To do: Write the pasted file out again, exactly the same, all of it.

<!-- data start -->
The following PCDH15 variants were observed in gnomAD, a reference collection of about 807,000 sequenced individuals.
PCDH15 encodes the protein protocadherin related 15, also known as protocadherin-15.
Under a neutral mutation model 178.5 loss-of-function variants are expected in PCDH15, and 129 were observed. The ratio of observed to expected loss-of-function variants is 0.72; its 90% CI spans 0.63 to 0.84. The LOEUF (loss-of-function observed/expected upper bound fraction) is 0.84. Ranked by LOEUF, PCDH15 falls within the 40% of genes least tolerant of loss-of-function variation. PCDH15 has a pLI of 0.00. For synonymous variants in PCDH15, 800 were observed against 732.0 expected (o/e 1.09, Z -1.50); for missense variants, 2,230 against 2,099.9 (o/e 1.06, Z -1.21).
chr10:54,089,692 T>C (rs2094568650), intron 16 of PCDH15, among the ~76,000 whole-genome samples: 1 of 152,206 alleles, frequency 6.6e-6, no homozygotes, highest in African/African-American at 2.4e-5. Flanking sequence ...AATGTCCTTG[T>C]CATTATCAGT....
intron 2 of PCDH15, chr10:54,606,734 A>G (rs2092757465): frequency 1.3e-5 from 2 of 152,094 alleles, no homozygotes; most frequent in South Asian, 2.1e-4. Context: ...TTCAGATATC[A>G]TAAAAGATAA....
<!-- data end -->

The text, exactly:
The following PCDH15 variants were observed in gnomAD, a reference collection of about 807,000 sequenced individuals.
PCDH15 encodes the protein protocadherin related 15, also known as protocadherin-15.
Under a neutral mutation model 178.5 loss-of-function variants are expected in PCDH15, and 129 were observed. The ratio of observed to expected loss-of-function variants is 0.72; its 90% CI spans 0.63 to 0.84. The LOEUF (loss-of-function observed/expected upper bound fraction) is 0.84. Ranked by LOEUF, PCDH15 falls within the 40% of genes least tolerant of loss-of-function variation. PCDH15 has a pLI of 0.00. For synonymous variants in PCDH15, 800 were observed against 732.0 expected (o/e 1.09, Z -1.50); for missense variants, 2,230 against 2,099.9 (o/e 1.06, Z -1.21).
chr10:54,089,692 T>C (rs2094568650), intron 16 of PCDH15, among the ~76,000 whole-genome samples: 1 of 152,206 alleles, frequency 6.6e-6, no homozygotes, highest in African/African-American at 2.4e-5. Flanking sequence ...AATGTCCTTG[T>C]CATTATCAGT....
intron 2 of PCDH15, chr10:54,606,734 A>G (rs2092757465): frequency 1.3e-5 from 2 of 152,094 alleles, no homozygotes; most frequent in South Asian, 2.1e-4. Context: ...TTCAGATATC[A>G]TAAAAGATAA....